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In brief: Apple machines have a reputation for being better protected from malware than their PC counterparts, but it doesn't mean they're completely immune. Helping prevent hackers from using a MacBook's microphone to listen in on users is the new T2 security chip, which disconnects the mic at a hardware level whenever the lid is closed.
The second generation of the T2 chips, which appear in MacBook Pro models from 2018 and the recently announced MacBook Air, come with a secure enclave coprocessor that's used for encrypted storage and secure boot capabilities. It also works with the FaceTime camera to improve the authentication process and secures Touch ID on Mac computers
Following Apple's hardware event last week, the company released a security guide detailing the new hardware disconnect feature, which physically disables the microphone from the rest of the hardware once the lid is closed.
"All Mac portables with the Apple T2 Security Chip feature a hardware disconnect that ensures that the microphone is disabled whenever the lid is closed," explains the guide.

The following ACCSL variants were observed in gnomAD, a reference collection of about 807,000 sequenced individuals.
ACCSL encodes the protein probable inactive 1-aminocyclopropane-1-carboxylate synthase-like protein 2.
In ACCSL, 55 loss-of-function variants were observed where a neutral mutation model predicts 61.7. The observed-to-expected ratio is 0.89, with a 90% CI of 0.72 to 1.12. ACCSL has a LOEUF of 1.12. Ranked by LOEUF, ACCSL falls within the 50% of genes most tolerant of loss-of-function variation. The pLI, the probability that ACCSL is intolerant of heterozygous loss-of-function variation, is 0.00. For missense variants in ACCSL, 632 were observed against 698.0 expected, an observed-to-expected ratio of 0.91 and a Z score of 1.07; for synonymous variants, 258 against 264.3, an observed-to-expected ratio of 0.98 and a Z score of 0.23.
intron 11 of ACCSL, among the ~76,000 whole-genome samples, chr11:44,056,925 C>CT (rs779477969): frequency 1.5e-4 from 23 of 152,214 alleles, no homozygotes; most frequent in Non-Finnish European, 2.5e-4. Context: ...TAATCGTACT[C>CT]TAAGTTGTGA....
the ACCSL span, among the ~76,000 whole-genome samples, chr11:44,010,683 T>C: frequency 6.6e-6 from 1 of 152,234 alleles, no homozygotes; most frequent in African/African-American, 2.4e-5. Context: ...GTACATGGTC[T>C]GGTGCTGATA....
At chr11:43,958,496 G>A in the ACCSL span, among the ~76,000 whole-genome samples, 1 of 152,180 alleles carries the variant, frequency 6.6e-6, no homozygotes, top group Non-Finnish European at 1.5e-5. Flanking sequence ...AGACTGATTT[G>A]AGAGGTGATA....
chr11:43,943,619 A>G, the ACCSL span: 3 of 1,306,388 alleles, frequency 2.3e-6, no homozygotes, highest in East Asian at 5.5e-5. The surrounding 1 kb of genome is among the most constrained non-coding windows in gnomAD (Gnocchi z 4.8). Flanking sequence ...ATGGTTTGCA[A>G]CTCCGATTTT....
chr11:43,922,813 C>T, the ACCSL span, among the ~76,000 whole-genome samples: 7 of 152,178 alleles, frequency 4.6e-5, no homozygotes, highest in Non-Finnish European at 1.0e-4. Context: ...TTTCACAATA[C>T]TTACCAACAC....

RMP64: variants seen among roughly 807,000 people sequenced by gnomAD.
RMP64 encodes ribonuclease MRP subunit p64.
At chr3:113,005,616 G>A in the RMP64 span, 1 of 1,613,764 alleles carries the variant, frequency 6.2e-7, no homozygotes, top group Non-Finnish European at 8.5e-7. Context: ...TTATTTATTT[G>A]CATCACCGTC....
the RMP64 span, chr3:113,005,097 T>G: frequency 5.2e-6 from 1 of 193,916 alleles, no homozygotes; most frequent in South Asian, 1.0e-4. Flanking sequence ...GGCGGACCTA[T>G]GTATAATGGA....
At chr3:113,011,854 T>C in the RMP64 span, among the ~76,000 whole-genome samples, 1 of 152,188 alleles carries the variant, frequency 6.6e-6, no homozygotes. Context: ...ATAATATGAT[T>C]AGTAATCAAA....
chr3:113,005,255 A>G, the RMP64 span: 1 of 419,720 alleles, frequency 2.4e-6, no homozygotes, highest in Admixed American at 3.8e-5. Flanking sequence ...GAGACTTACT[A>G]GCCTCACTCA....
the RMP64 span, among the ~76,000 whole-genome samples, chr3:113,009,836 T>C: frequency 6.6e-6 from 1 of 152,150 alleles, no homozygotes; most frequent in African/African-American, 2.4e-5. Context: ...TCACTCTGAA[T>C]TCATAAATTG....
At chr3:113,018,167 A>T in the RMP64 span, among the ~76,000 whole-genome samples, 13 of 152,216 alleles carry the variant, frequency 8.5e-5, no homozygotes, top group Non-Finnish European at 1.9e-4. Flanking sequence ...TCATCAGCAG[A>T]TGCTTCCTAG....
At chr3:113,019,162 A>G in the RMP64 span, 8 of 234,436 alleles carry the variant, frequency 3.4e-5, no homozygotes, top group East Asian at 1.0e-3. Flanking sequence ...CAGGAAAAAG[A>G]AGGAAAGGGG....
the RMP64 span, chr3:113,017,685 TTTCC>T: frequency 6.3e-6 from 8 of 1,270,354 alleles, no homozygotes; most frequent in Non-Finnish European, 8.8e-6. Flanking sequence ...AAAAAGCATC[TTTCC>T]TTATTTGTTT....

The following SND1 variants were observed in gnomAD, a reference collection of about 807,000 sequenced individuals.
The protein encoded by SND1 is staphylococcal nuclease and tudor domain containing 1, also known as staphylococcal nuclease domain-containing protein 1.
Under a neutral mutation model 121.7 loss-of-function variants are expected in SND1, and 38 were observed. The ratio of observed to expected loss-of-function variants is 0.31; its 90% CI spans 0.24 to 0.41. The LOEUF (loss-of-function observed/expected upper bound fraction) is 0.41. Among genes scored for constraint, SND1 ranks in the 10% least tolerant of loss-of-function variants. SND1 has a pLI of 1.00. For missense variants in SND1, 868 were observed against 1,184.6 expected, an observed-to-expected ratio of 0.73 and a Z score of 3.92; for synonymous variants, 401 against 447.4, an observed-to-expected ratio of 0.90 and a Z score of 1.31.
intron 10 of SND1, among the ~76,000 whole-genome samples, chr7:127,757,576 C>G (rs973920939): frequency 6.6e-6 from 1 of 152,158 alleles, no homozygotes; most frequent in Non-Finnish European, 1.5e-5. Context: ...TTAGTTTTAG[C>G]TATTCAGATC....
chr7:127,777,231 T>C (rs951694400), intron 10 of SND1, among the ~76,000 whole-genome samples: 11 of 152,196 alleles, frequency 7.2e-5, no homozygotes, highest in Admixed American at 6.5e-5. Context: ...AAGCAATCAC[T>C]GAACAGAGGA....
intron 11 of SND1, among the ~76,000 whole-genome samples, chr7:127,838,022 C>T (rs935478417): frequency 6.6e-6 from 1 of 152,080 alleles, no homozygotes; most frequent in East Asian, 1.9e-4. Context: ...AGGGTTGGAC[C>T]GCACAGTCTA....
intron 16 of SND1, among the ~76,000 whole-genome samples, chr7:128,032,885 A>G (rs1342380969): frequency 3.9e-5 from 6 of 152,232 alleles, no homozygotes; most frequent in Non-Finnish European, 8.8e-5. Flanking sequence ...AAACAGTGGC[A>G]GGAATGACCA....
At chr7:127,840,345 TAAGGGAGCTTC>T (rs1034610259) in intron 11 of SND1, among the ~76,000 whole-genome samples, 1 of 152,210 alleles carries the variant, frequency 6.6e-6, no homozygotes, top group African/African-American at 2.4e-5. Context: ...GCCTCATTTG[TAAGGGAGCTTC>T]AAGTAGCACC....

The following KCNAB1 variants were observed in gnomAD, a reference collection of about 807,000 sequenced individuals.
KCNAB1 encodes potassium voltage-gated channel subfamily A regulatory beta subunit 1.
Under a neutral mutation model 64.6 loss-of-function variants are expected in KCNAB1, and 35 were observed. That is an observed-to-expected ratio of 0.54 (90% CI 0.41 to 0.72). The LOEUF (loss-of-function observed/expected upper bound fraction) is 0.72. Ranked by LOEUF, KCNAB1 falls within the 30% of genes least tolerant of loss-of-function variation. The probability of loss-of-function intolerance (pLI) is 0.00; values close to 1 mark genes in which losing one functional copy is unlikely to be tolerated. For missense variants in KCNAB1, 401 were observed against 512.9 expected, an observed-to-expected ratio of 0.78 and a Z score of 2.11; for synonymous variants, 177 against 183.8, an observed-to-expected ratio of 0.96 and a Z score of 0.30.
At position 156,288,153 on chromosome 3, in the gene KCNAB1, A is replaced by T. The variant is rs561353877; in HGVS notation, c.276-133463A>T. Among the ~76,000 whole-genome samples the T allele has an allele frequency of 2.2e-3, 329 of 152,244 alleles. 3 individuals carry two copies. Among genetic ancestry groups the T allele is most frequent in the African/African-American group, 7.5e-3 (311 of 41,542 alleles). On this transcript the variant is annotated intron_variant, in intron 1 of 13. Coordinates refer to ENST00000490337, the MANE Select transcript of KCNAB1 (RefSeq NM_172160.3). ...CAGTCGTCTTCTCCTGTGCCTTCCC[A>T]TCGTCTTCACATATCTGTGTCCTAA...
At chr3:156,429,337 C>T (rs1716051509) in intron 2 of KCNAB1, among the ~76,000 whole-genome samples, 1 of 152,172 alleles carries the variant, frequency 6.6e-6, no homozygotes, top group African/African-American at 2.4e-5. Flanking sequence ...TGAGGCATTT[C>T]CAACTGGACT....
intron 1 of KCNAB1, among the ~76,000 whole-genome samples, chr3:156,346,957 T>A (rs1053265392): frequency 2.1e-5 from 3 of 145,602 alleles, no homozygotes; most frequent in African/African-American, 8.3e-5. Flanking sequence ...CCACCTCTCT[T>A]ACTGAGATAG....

"This disconnect is implemented in hardware alone, and therefore prevents any software, even with root or kernel privileges in macOS, and even the software on the T2 chip, from engaging the microphone when the lid is closed."
While the microphone is disconnected at a hardware level, the camera isn't, though it's not going to see much when the lid is closed.
The chip's anti-spying capabilities will no doubt be appreciated by users. Many people, including Facebook boss Mark Zuckerberg, like to cover their laptops' webcams to stop snoopers. And while such activities used to be thought of as a PC-only problem, the Fruitfly malware, which landed its creator 13 years in prison, showed Apple's devices were also susceptible to these attacks. The T2's feature might only work when the lid is closed, but any extra secure layers are always welcome.